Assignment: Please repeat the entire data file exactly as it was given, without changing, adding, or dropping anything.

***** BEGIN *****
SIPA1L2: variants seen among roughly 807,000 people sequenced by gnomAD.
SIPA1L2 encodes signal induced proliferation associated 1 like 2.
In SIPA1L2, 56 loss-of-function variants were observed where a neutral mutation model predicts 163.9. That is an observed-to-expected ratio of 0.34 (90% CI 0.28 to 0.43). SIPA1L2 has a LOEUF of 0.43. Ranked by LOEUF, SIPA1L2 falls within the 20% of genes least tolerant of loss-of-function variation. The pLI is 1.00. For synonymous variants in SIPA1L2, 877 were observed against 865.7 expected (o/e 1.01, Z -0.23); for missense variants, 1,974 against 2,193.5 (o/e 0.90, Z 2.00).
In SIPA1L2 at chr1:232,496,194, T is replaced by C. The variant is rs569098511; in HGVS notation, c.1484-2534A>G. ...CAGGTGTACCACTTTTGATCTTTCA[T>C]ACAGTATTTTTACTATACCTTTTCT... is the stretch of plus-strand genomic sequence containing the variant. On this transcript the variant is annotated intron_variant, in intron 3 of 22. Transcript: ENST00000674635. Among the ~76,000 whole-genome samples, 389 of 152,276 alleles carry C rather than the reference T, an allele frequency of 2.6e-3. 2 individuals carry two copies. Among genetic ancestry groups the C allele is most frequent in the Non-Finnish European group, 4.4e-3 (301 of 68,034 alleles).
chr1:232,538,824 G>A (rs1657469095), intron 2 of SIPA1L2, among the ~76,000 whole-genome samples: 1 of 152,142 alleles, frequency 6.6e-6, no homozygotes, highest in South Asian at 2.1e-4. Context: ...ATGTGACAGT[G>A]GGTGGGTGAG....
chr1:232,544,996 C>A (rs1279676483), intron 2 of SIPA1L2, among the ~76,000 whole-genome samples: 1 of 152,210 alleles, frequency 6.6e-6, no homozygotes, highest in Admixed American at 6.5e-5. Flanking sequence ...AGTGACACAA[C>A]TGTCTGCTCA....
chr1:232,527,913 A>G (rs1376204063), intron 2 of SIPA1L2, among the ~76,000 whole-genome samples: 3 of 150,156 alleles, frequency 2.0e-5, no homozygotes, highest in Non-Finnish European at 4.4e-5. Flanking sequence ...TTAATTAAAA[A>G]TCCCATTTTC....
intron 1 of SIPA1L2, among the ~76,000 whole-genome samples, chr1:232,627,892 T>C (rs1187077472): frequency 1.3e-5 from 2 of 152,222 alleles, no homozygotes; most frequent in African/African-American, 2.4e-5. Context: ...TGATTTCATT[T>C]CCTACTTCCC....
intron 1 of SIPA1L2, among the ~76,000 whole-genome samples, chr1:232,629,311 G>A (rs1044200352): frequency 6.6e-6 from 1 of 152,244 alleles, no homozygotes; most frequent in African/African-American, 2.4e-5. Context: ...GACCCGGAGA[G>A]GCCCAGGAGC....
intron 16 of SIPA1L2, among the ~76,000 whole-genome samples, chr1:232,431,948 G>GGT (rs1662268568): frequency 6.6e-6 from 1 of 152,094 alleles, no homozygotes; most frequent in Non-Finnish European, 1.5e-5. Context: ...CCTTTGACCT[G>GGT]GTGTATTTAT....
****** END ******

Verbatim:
SIPA1L2: variants seen among roughly 807,000 people sequenced by gnomAD.
SIPA1L2 encodes signal induced proliferation associated 1 like 2.
In SIPA1L2, 56 loss-of-function variants were observed where a neutral mutation model predicts 163.9. That is an observed-to-expected ratio of 0.34 (90% CI 0.28 to 0.43). SIPA1L2 has a LOEUF of 0.43. Ranked by LOEUF, SIPA1L2 falls within the 20% of genes least tolerant of loss-of-function variation. The pLI is 1.00. For synonymous variants in SIPA1L2, 877 were observed against 865.7 expected (o/e 1.01, Z -0.23); for missense variants, 1,974 against 2,193.5 (o/e 0.90, Z 2.00).
In SIPA1L2 at chr1:232,496,194, T is replaced by C. The variant is rs569098511; in HGVS notation, c.1484-2534A>G. ...CAGGTGTACCACTTTTGATCTTTCA[T>C]ACAGTATTTTTACTATACCTTTTCT... is the stretch of plus-strand genomic sequence containing the variant. On this transcript the variant is annotated intron_variant, in intron 3 of 22. Transcript: ENST00000674635. Among the ~76,000 whole-genome samples, 389 of 152,276 alleles carry C rather than the reference T, an allele frequency of 2.6e-3. 2 individuals carry two copies. Among genetic ancestry groups the C allele is most frequent in the Non-Finnish European group, 4.4e-3 (301 of 68,034 alleles).
chr1:232,538,824 G>A (rs1657469095), intron 2 of SIPA1L2, among the ~76,000 whole-genome samples: 1 of 152,142 alleles, frequency 6.6e-6, no homozygotes, highest in South Asian at 2.1e-4. Context: ...ATGTGACAGT[G>A]GGTGGGTGAG....
chr1:232,544,996 C>A (rs1279676483), intron 2 of SIPA1L2, among the ~76,000 whole-genome samples: 1 of 152,210 alleles, frequency 6.6e-6, no homozygotes, highest in Admixed American at 6.5e-5. Flanking sequence ...AGTGACACAA[C>A]TGTCTGCTCA....
chr1:232,527,913 A>G (rs1376204063), intron 2 of SIPA1L2, among the ~76,000 whole-genome samples: 3 of 150,156 alleles, frequency 2.0e-5, no homozygotes, highest in Non-Finnish European at 4.4e-5. Flanking sequence ...TTAATTAAAA[A>G]TCCCATTTTC....
intron 1 of SIPA1L2, among the ~76,000 whole-genome samples, chr1:232,627,892 T>C (rs1187077472): frequency 1.3e-5 from 2 of 152,222 alleles, no homozygotes; most frequent in African/African-American, 2.4e-5. Context: ...TGATTTCATT[T>C]CCTACTTCCC....
intron 1 of SIPA1L2, among the ~76,000 whole-genome samples, chr1:232,629,311 G>A (rs1044200352): frequency 6.6e-6 from 1 of 152,244 alleles, no homozygotes; most frequent in African/African-American, 2.4e-5. Context: ...GACCCGGAGA[G>A]GCCCAGGAGC....
intron 16 of SIPA1L2, among the ~76,000 whole-genome samples, chr1:232,431,948 G>GGT (rs1662268568): frequency 6.6e-6 from 1 of 152,094 alleles, no homozygotes; most frequent in Non-Finnish European, 1.5e-5. Context: ...CCTTTGACCT[G>GGT]GTGTATTTAT....